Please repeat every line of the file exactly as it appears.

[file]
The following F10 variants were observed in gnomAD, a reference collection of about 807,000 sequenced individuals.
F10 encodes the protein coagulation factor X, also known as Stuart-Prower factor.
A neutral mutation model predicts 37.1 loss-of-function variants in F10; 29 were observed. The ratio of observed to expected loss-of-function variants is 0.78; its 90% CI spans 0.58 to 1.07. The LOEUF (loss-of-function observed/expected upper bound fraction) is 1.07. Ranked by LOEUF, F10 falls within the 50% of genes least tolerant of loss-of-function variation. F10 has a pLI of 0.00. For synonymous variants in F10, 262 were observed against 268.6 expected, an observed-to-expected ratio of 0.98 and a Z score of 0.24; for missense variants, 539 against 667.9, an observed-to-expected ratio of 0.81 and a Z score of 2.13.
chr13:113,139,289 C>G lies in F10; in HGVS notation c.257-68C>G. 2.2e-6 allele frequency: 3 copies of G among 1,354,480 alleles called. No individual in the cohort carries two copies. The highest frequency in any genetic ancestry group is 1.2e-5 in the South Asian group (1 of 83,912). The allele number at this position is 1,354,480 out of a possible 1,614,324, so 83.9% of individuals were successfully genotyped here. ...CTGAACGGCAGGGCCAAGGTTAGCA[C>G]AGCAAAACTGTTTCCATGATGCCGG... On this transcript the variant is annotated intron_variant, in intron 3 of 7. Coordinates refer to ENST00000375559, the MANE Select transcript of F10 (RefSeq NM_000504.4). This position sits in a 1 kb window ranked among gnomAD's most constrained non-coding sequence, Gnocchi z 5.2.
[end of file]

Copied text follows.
The following F10 variants were observed in gnomAD, a reference collection of about 807,000 sequenced individuals.
F10 encodes the protein coagulation factor X, also known as Stuart-Prower factor.
A neutral mutation model predicts 37.1 loss-of-function variants in F10; 29 were observed. The ratio of observed to expected loss-of-function variants is 0.78; its 90% CI spans 0.58 to 1.07. The LOEUF (loss-of-function observed/expected upper bound fraction) is 1.07. Ranked by LOEUF, F10 falls within the 50% of genes least tolerant of loss-of-function variation. F10 has a pLI of 0.00. For synonymous variants in F10, 262 were observed against 268.6 expected, an observed-to-expected ratio of 0.98 and a Z score of 0.24; for missense variants, 539 against 667.9, an observed-to-expected ratio of 0.81 and a Z score of 2.13.
chr13:113,139,289 C>G lies in F10; in HGVS notation c.257-68C>G. 2.2e-6 allele frequency: 3 copies of G among 1,354,480 alleles called. No individual in the cohort carries two copies. The highest frequency in any genetic ancestry group is 1.2e-5 in the South Asian group (1 of 83,912). The allele number at this position is 1,354,480 out of a possible 1,614,324, so 83.9% of individuals were successfully genotyped here. ...CTGAACGGCAGGGCCAAGGTTAGCA[C>G]AGCAAAACTGTTTCCATGATGCCGG... On this transcript the variant is annotated intron_variant, in intron 3 of 7. Coordinates refer to ENST00000375559, the MANE Select transcript of F10 (RefSeq NM_000504.4). This position sits in a 1 kb window ranked among gnomAD's most constrained non-coding sequence, Gnocchi z 5.2.